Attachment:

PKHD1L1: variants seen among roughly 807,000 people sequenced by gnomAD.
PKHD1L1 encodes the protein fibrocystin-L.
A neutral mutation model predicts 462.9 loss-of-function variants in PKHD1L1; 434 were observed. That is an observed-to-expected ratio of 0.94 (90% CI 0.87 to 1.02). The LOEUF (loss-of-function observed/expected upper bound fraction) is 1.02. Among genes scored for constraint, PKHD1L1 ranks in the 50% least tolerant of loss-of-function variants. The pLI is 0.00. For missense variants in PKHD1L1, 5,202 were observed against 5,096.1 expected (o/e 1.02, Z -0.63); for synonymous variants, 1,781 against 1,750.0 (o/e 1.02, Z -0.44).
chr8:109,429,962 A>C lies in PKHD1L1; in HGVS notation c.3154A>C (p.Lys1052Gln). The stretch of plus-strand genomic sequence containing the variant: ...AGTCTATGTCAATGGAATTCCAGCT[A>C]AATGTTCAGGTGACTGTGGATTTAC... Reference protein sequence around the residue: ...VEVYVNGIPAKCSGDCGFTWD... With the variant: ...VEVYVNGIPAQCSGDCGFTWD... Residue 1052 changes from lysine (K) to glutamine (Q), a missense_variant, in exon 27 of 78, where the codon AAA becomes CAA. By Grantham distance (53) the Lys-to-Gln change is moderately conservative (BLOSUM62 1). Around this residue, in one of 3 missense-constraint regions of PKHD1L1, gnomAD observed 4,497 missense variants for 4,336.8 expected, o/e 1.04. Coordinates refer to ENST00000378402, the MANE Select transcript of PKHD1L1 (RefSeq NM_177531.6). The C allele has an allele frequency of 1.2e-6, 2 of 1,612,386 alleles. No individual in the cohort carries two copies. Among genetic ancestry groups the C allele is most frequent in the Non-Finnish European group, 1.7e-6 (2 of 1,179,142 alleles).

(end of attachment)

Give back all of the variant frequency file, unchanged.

PKHD1L1: variants seen among roughly 807,000 people sequenced by gnomAD.
PKHD1L1 encodes the protein fibrocystin-L.
A neutral mutation model predicts 462.9 loss-of-function variants in PKHD1L1; 434 were observed. That is an observed-to-expected ratio of 0.94 (90% CI 0.87 to 1.02). The LOEUF (loss-of-function observed/expected upper bound fraction) is 1.02. Among genes scored for constraint, PKHD1L1 ranks in the 50% least tolerant of loss-of-function variants. The pLI is 0.00. For missense variants in PKHD1L1, 5,202 were observed against 5,096.1 expected (o/e 1.02, Z -0.63); for synonymous variants, 1,781 against 1,750.0 (o/e 1.02, Z -0.44).
chr8:109,429,962 A>C lies in PKHD1L1; in HGVS notation c.3154A>C (p.Lys1052Gln). The stretch of plus-strand genomic sequence containing the variant: ...AGTCTATGTCAATGGAATTCCAGCT[A>C]AATGTTCAGGTGACTGTGGATTTAC... Reference protein sequence around the residue: ...VEVYVNGIPAKCSGDCGFTWD... With the variant: ...VEVYVNGIPAQCSGDCGFTWD... Residue 1052 changes from lysine (K) to glutamine (Q), a missense_variant, in exon 27 of 78, where the codon AAA becomes CAA. By Grantham distance (53) the Lys-to-Gln change is moderately conservative (BLOSUM62 1). Around this residue, in one of 3 missense-constraint regions of PKHD1L1, gnomAD observed 4,497 missense variants for 4,336.8 expected, o/e 1.04. Coordinates refer to ENST00000378402, the MANE Select transcript of PKHD1L1 (RefSeq NM_177531.6). The C allele has an allele frequency of 1.2e-6, 2 of 1,612,386 alleles. No individual in the cohort carries two copies. Among genetic ancestry groups the C allele is most frequent in the Non-Finnish European group, 1.7e-6 (2 of 1,179,142 alleles).